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Experts have spoken of the ‘severe impact’ that the Covid pandemic has had on people with diabetes.

Speaking out ahead of Diabetes Week 2021 (June 14-20), Claudia Le Feuvre, nutritional therapist and founder of Mighty Green, a London based brand specialising in CBD products, said people with diabetes are more likely to contract coronavirus.

Description automatically generated”Data suggests Covid-19 is more common in people with diabetes and the severity of infection may be greater, although rates vary between various studies and the countries they are conducted in,” said Claudia (pictured left).

She added: “In a meta-analysis of eight studies examining 46,248 people with coronavirus, 8% of them had diabetes.

Other studies with lower sample sizes (355 people) found that 36% of people with the virus also had diabetes.

“There is also an opposite relationship between coronavirus and diabetes, where people have gone on to develop type 1 diabetes after having the virus”.

During the pandemic, The Olive Trust, Wales, a social enterprise that focuses on social inclusion, environmental concerns, and health and wellbeing, set up a Covid-19 response diabetes forum, providing resources and help for people.

Commenting on how Covid has impacted those with diabetes, Denise Kingsley-Jones (pictured below), founder and CEO of The Olive Trust, said: “There has been more attention on diabetics due to poor prognosis in those with Covid. Initial reports were on people with type 2 diabetes, although recent surveys have shown that individuals with type 1 diabetes are also at risk of severe Covid-19.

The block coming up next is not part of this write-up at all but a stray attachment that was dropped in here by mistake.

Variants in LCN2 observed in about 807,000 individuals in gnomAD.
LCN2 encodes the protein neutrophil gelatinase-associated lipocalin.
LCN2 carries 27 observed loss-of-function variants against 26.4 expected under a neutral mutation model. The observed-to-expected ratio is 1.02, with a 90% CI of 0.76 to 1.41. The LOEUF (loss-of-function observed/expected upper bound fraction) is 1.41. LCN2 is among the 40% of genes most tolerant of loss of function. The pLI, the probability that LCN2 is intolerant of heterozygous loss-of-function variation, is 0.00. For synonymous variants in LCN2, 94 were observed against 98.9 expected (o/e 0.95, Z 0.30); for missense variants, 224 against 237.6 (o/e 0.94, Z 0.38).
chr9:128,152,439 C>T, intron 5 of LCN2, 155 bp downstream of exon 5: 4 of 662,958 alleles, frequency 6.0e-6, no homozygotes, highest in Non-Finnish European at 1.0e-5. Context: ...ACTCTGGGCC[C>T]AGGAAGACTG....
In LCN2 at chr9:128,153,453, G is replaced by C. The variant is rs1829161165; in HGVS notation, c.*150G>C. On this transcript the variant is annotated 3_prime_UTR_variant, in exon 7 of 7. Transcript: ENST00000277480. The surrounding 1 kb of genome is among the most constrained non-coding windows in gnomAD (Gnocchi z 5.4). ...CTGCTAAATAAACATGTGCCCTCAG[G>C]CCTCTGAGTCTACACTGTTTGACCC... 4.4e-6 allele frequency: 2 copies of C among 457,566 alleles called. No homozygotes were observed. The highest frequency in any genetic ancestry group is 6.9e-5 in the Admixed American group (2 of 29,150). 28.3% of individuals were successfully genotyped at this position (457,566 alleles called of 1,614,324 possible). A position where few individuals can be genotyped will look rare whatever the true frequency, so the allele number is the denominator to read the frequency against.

“A study describing diabetes nurses’ perspectives on the impact of the Covid-19 pandemic found that out of the 1,829 diabetic nurses surveyed, 76% felt the Inline imagepandemic had ‘a lot’ of impact on the physical and psychological risks of people with diabetes.

“47% of respondents identified that the level of care provided to people with diabetes had declined either extremely or quite severely. Self-management support, diabetes education and psychological support were found to have declined severely during the pandemic.

“The findings concluded that diabetes nurses across Europe have seen significant increases in both physical and psychological problems in their patient populations during COVID-19.

When asked whether there is any correlation between Covid and diabetes, Denise, based in Llanelli, said: “Whilst there does not seem to be any known links between coronavirus and diabetes, you are categorised as a vulnerable group.

“It is not about being more susceptible to the virus; the reason for worse prognosis in people with diabetes is likely to be multifactorial, reflecting the syndromic nature of diabetes.

“Age, sex, ethnicity, and other factors can all contribute to the risk of worse outcomes. Glucose-lowering agents and anti-viral treatments can modulate the risk, but limitations to their use and potential interactions with Covid-19 treatments should be carefully assessed.”